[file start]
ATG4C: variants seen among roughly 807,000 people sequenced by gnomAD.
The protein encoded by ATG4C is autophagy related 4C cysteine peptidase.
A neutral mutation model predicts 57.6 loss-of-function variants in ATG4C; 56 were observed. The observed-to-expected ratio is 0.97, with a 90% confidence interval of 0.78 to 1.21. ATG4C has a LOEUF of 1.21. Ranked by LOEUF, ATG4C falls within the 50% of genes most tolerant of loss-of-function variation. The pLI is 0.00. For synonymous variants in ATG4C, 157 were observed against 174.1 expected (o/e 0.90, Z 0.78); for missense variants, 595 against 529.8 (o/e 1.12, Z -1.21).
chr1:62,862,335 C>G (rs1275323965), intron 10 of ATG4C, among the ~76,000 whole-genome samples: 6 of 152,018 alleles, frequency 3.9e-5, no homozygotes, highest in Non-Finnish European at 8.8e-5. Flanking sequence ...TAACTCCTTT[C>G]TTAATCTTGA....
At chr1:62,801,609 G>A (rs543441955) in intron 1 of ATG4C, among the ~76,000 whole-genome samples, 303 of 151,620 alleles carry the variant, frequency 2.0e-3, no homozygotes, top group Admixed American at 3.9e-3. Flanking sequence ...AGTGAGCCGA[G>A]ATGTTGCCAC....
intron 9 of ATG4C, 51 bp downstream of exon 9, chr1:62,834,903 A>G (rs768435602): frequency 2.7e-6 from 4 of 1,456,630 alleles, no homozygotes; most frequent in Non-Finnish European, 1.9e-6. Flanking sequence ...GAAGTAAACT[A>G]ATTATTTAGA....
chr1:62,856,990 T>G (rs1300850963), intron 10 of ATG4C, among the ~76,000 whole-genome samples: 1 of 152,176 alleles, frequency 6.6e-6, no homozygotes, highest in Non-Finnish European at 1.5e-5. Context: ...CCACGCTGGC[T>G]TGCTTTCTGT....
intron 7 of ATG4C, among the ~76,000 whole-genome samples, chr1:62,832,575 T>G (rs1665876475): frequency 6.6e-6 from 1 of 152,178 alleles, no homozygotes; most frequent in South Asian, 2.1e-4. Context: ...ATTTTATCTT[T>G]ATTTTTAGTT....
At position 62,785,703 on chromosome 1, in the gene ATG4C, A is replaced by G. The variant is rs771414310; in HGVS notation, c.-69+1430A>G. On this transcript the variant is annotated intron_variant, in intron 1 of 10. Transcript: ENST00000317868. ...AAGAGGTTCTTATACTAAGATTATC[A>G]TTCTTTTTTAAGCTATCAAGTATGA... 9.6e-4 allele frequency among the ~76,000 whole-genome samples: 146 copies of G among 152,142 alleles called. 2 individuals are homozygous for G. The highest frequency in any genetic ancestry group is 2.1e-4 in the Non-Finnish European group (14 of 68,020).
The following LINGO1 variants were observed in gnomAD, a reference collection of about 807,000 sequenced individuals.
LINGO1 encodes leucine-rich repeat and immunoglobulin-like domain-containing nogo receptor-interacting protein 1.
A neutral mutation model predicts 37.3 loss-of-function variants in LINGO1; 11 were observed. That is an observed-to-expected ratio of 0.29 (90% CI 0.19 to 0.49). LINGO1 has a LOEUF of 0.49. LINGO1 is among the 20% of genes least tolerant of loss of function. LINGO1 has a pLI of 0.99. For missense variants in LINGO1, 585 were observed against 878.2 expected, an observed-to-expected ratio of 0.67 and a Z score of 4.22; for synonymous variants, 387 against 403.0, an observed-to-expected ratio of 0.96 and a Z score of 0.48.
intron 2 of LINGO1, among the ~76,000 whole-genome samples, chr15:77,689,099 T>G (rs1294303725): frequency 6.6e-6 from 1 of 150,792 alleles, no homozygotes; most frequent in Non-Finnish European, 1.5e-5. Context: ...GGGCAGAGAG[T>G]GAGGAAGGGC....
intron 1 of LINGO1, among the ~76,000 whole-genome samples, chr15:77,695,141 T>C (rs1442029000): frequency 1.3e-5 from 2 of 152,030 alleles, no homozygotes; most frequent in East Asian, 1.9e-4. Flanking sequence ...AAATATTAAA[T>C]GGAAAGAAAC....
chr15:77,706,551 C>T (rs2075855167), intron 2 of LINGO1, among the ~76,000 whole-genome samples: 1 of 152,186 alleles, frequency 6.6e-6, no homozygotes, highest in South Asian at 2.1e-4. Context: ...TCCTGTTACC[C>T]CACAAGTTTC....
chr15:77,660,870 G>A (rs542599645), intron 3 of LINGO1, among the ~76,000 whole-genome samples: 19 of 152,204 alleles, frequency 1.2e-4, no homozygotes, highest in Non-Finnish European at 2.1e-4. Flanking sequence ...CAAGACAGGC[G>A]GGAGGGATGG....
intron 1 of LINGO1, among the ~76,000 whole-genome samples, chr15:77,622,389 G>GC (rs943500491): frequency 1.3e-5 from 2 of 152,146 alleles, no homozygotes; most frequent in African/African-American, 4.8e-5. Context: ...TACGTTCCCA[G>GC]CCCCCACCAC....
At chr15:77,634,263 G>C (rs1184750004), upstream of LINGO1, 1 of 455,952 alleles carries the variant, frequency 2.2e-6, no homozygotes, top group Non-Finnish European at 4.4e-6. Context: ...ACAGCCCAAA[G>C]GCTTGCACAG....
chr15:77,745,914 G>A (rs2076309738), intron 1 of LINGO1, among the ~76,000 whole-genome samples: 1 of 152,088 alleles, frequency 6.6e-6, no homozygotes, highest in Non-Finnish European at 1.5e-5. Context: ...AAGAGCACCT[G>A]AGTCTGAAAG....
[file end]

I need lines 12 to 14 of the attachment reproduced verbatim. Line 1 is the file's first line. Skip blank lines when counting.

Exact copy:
A neutral mutation model predicts 37.3 loss-of-function variants in LINGO1; 11 were observed. That is an observed-to-expected ratio of 0.29 (90% CI 0.19 to 0.49). LINGO1 has a LOEUF of 0.49. LINGO1 is among the 20% of genes least tolerant of loss of function. LINGO1 has a pLI of 0.99. For missense variants in LINGO1, 585 were observed against 878.2 expected, an observed-to-expected ratio of 0.67 and a Z score of 4.22; for synonymous variants, 387 against 403.0, an observed-to-expected ratio of 0.96 and a Z score of 0.48.
intron 2 of LINGO1, among the ~76,000 whole-genome samples, chr15:77,689,099 T>G (rs1294303725): frequency 6.6e-6 from 1 of 150,792 alleles, no homozygotes; most frequent in Non-Finnish European, 1.5e-5. Context: ...GGGCAGAGAG[T>G]GAGGAAGGGC....
intron 1 of LINGO1, among the ~76,000 whole-genome samples, chr15:77,695,141 T>C (rs1442029000): frequency 1.3e-5 from 2 of 152,030 alleles, no homozygotes; most frequent in East Asian, 1.9e-4. Flanking sequence ...AAATATTAAA[T>C]GGAAAGAAAC....